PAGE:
Wednesday, September 14, 2011

The National University: An Open-Air Canvas

Latin American leftist icons cover a wall near what students have named 'Lenin Plaza'

There's always something going on at Bogotá's National University, fondly known as La Nacho, and it's usually colorful and very leftist.

The university is known for its political activism and colorful graffiti - which is constantly changing. Today, we saw examples of both things. Medical students on la Plaza del Ché were taking direct action by building themselves a hospital out of cardboard. And the campus's graffiti was particularly radical, thanks to painting done during recent protests by students and teachers.

Lots of the murals defend and celebrate Colombia's leftist guerrillas, who have waged a half-century-long war to overthrow Colombia's government and replace it with a Marxist state. The guerrillas finance themselves thru extortion and narcotrafficking and have committed countless human rights violations, including kidnapping, planting land mines, recruiting children and driving peasants from their farms. But there's a saying here:

'If you're under 30 and not a communist, you don't have a heart; if you're over 30 and still a communist, then you don't have a brain.'

A student reads political information hung along a campus walkway.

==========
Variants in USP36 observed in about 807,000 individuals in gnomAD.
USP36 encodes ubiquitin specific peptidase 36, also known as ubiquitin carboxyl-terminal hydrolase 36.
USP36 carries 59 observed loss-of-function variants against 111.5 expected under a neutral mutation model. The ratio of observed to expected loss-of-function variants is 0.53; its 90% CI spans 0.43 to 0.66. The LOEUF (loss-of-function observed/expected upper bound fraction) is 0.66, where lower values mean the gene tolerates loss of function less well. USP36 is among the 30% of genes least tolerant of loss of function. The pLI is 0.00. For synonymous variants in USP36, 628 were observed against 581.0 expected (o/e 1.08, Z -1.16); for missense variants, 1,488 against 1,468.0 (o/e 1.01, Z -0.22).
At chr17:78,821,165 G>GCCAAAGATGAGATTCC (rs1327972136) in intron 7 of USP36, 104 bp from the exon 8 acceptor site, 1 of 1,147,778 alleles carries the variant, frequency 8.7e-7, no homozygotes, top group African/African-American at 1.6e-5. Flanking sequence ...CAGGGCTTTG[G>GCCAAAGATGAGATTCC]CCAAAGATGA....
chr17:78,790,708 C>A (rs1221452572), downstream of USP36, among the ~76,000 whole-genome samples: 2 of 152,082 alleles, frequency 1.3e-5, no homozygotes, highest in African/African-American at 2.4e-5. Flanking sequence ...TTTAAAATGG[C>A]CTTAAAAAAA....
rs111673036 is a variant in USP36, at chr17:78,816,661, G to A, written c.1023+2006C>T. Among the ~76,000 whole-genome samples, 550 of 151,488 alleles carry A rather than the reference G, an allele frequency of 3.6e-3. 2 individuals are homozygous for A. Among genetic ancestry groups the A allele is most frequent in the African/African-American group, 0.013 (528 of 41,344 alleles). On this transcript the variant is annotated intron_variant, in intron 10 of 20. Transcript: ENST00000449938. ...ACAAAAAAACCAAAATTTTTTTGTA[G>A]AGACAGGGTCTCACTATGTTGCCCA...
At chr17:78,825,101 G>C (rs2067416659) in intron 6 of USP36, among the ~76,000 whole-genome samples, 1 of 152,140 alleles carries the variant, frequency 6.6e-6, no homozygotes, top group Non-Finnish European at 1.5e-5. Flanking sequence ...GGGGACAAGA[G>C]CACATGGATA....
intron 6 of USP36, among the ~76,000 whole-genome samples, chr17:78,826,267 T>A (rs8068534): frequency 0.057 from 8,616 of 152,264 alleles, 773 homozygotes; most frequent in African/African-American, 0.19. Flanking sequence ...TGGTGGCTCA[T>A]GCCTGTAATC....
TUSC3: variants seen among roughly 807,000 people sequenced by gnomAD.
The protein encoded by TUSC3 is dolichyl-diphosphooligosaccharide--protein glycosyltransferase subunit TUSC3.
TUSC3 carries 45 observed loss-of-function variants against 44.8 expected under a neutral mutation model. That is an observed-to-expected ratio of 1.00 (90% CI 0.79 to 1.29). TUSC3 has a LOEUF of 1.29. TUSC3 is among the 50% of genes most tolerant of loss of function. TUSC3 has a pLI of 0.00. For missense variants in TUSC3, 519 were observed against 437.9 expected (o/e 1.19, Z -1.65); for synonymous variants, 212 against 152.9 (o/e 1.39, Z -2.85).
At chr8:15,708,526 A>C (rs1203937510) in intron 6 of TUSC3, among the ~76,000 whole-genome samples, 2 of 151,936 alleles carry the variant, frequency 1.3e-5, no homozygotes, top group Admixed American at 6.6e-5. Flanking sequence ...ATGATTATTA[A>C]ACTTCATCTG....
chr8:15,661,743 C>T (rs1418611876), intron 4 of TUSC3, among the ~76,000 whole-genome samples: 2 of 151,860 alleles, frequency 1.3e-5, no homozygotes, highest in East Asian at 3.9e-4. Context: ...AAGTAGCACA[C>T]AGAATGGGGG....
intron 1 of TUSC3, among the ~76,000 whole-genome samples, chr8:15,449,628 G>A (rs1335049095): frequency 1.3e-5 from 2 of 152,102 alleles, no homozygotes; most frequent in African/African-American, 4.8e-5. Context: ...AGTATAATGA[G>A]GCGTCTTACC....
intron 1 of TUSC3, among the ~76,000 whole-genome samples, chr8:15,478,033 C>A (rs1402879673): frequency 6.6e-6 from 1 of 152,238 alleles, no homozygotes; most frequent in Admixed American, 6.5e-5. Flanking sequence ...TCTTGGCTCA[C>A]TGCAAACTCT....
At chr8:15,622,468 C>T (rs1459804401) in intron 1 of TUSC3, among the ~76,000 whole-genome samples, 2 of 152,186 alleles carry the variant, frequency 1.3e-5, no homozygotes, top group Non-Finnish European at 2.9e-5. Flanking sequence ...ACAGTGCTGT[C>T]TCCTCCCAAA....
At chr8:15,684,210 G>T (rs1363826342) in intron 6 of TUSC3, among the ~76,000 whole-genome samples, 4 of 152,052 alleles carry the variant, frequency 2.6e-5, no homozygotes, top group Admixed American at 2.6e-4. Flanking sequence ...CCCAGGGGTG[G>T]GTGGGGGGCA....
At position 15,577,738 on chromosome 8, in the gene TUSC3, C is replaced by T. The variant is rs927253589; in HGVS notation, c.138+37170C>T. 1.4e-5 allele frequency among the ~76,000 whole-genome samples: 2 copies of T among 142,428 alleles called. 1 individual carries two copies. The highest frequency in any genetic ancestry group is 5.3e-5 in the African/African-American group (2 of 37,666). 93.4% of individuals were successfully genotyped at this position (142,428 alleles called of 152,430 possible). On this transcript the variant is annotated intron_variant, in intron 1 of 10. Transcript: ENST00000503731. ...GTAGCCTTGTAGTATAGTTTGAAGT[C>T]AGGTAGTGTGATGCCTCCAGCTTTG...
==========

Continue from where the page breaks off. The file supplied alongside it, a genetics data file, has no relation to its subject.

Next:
Riot police yell: 'He's got a book! He's got a book!'

Freedom for political prisoners

The always-changing, but still changing, portrait of guerrilla priest Camilo Torres, on La Plaza del Ché. Torres, a leftist idealist, was the university chaplain but ran off to join the ELN guerrillas and was killed in his first battle, creating a martyr.

'We are not painted on the wall.' Sure about that?

Cycllists with Bogotá Bike Tours with their hero Che Guevara.

'...silence is oppresion and violence.'

Overthrow the Neoliberal Education Model.

Jaime Garzon, a radio satirist assassinated in 1999 by paramilitaries. 
'Sow rebellion, reap liberty.'

Che Guevara, another portrait which is never erased.
A poster celebrates leaders of the FARC guerrila group - who have caused untold suffering to Colombia. I guess  that many of us were once young and blinded by romantic idealism.

A satire on Pres. Manuel Santos, whose surname means 'Saints.'  'I don't believe in saints, nor in his law of higher education.'

Solidarity with students protesting in Chile. 
'Freedom for Simon Trinidad.' Trinidad was a leader of the FARC guerrillas now imprisoned in the United States.

By Mike Ceaser, of Bogotá Bike Tours, which offers graffiti bike tours.

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